What would you tell somebody you loved if you had one more chance to talk to her? You would probably say that you loved her, right? Or maybe that you are glad he has been a part of your world. Would you tell him to seek happiness? Would you tell her to seek the Lord? Or would you tell him to follow his dreams? What would you say if your conversations with a close friend were ending?
One of the sweetest little books in the bible is the Apostle Paul’s letter to the church at Philippi. This is written by a man who is running out of words for a community of people he has loved since the day they came together. This is a church that has provided Paul with everything from confidence cash. They have stuck by him and supported him even when he went to prison. They are the ones who have stuck by him through thick and through thin. There was something special about these people Paul wanted to see grow and blossom to fullness.
They were a happy bunch- well, as happy as a broken, prideful, fearful and striving people can be, in any case.
The people of Philippi were a whole lot like us at the end of the day. On their best days together they were jealous of the position, status and favor of the higher-ups, all while looking down with contempt on the lower-downs. On their best days there was at least one Philippian whose eye was wandering. On their best days they found themselves hating each other for reasons they could not comprehend. On their best days they needed a treatment from the Great Physician. Even though they were a happy bunch, dissention had broken through the ranks. Bitterness and jealousy were gaining ground in Philippi. They found themselves snickering behind each other’s backs when they used to be belly-laughing together.
And so, as Paul finishes a letter written to a sincere, although broken band of followers, he gives them this little command that I saw on every Christian t-shirt in my childhood. Rejoice in the Lord always. Again I say rejoice.
Oh, and one more word about Paul, he was in prison when he wrote those little words. He had no idea what the future would bring. He had no guarantee that he would ever see freedom again in this life. And what about his past? Can you imagine writing these words with blood on you hands? I tend to forget that Paul must have struggled with shame just as much as the rest of us.
I mean, Paul is the guy who was getting a reputation as a cold-blooded judge of the worst sort. In his attempts to serve God he had murdered dozens of people made in his image. In his search for his own significance he had trivialized the lives of his own brothers and sisters to the point that he could callously approve the lynching of the people made in God’s image. We have all made mistakes and there are things that each and every one of us would take back if we could- words we said in anger; addictions that left the ones we love feeling the deep, deep sting of betrayal; decisions that cost us our careers and families- but think about Paul for a second. He had to deal with the memory of his part in the murder of his own brothers and sisters. Paul was an epic sinner.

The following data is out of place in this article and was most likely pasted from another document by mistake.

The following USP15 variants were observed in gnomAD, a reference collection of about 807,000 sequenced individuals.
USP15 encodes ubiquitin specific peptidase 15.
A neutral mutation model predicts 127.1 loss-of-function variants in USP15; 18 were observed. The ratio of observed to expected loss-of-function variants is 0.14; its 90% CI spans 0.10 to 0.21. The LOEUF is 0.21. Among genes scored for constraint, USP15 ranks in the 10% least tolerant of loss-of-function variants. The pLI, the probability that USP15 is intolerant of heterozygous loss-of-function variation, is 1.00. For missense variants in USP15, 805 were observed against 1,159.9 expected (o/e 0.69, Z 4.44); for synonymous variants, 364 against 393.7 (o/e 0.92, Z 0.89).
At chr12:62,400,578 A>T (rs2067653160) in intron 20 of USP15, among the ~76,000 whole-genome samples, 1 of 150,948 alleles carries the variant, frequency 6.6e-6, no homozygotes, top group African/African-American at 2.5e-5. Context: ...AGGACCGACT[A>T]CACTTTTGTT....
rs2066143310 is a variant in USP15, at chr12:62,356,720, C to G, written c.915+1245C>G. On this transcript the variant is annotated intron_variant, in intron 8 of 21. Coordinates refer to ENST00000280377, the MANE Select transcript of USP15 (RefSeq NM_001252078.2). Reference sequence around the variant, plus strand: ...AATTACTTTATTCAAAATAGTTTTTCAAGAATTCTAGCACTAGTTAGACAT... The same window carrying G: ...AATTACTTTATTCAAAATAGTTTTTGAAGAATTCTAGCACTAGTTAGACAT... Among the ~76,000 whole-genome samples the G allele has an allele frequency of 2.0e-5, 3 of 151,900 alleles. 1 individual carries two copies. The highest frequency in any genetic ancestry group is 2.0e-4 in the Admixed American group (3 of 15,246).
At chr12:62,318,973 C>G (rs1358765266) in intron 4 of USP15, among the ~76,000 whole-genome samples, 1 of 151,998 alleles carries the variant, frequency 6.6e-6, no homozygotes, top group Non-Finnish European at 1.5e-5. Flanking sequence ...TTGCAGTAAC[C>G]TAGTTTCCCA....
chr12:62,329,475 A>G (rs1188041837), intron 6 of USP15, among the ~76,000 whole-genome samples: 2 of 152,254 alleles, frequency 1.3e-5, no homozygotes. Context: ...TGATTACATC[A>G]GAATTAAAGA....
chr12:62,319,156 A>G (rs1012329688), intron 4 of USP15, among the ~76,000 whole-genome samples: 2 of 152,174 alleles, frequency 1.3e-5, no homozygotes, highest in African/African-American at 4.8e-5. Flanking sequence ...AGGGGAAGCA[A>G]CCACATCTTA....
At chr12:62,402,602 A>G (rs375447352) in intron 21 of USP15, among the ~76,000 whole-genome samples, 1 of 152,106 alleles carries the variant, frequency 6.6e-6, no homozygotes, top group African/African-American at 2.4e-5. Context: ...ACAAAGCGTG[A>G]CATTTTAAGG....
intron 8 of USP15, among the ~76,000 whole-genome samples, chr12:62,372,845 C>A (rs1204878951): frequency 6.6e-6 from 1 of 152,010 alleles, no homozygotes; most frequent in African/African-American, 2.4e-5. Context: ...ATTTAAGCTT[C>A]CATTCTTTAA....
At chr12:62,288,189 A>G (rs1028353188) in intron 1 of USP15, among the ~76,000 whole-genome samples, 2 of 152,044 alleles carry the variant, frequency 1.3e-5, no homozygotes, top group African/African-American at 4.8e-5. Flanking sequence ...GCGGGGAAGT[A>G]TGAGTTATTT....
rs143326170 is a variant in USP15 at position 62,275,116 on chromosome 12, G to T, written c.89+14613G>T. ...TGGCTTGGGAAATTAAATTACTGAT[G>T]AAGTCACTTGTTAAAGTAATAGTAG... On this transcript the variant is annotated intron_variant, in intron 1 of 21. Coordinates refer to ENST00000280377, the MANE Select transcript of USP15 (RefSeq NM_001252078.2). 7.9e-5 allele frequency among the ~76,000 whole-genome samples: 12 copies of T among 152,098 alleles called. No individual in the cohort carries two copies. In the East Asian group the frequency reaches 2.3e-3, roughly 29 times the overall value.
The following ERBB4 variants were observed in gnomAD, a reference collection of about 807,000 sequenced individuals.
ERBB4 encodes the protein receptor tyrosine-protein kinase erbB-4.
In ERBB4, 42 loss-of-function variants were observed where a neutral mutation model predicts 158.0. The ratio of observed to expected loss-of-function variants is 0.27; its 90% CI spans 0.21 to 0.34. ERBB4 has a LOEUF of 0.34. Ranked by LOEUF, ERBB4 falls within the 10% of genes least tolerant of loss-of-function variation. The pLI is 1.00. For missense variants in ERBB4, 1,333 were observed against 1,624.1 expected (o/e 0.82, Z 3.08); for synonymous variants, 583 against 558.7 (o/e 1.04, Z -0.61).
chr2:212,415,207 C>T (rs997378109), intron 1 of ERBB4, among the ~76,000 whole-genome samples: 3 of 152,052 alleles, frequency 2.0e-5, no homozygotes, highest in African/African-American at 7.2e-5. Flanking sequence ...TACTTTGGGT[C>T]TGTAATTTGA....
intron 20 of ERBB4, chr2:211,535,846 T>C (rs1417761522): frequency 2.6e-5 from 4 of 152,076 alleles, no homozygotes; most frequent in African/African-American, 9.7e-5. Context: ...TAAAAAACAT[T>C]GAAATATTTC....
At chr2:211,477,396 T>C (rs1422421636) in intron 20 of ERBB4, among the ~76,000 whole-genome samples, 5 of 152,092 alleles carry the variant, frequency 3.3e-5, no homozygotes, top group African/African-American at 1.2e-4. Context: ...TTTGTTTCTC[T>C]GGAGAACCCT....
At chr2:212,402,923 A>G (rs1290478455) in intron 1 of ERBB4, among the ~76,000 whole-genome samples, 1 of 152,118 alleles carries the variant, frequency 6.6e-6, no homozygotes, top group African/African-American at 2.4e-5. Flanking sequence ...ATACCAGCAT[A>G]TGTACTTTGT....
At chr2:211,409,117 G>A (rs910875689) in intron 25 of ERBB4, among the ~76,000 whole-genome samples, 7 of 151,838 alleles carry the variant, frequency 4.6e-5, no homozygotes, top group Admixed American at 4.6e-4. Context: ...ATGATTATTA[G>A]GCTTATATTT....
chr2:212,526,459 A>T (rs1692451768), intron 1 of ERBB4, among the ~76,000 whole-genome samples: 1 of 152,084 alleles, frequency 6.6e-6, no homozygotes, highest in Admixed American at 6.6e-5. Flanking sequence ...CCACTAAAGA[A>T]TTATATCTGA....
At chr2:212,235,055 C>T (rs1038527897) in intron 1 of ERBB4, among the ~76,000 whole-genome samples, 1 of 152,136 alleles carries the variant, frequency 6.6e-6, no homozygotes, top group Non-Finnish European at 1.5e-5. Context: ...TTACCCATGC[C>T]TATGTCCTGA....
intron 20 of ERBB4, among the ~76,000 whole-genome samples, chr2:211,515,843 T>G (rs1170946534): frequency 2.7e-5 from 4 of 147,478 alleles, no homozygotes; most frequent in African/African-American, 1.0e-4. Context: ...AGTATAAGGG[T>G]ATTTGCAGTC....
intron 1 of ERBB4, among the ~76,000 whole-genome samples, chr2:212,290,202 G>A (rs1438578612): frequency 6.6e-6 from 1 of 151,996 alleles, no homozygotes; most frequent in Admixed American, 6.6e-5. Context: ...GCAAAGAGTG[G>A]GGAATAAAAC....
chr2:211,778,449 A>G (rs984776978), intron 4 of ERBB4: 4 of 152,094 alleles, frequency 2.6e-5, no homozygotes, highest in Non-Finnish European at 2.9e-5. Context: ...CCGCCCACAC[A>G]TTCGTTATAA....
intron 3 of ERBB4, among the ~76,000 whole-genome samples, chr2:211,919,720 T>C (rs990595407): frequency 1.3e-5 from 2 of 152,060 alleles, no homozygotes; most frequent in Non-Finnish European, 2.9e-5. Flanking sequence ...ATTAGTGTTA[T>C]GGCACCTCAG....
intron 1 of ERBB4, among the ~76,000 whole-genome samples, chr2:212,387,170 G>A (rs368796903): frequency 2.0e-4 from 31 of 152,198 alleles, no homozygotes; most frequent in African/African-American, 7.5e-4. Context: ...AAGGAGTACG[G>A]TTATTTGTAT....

So when this guy tells us to be glad, we stand up and take notice.
And when he tells us to be joyful all the time, we have met a challenge many of us have never coming our way.
Because the Christian life is about bemoaning our sin, right? It is about feeling sorry for what we have done and hoping that God, in his wrath, spares our lives because of Jesus, right? It is about turning from those things we wanted to do so that we can do the things God has called us to do, right? The way of Christ is the way of the death (it would have to be if it was also the way of resurrection!) of our happiness, right?
Well, yes and no.
Yes, we do bemoan our sin- but that is only the beginning. Yes, we are sorry for hurting others and slapping our Maker clean in the face- but that is not the half of it. Yes, following Jesus entails leaving the way we were going- but that is a start. Yes, the way of Christ is the way of death to happiness the way we want it- but only then do we realize that we are ill-equipped to set out a plan for our own happiness. Look at G.K. Chesterton’s explanation:
It is really a natural trend or lapse into taking one’s self gravely, because it is the easiest thing to do. It is much easier to write a good Times leading article than a good joke in Punch. For solemnity flows out of men naturally, but laughter is a leap. It is easy to be heavy; hard to be light. Satan fell by force of gravity.
It is no work of the Spirit to live life in a state of misery and dejection. He may bring us through those times, it is true- and they may last much longer than we hoped they would- but he intends to take our burden from us. He intends to give us laughter, levity and joy even in the most trying of circumstances. Paul knew this happiness even with a scarred conscience as he sat in prison. This joy is for real.
So the moment meets us now and we are pressed into a decision. Do we cower in fear, ungratefully ruing our existence and those around us, or do we take these words to heart, singing and dancing in the freedom Christ has given us?
What could be a better reason for gladness than to know that, wherever you are at today, God is for you?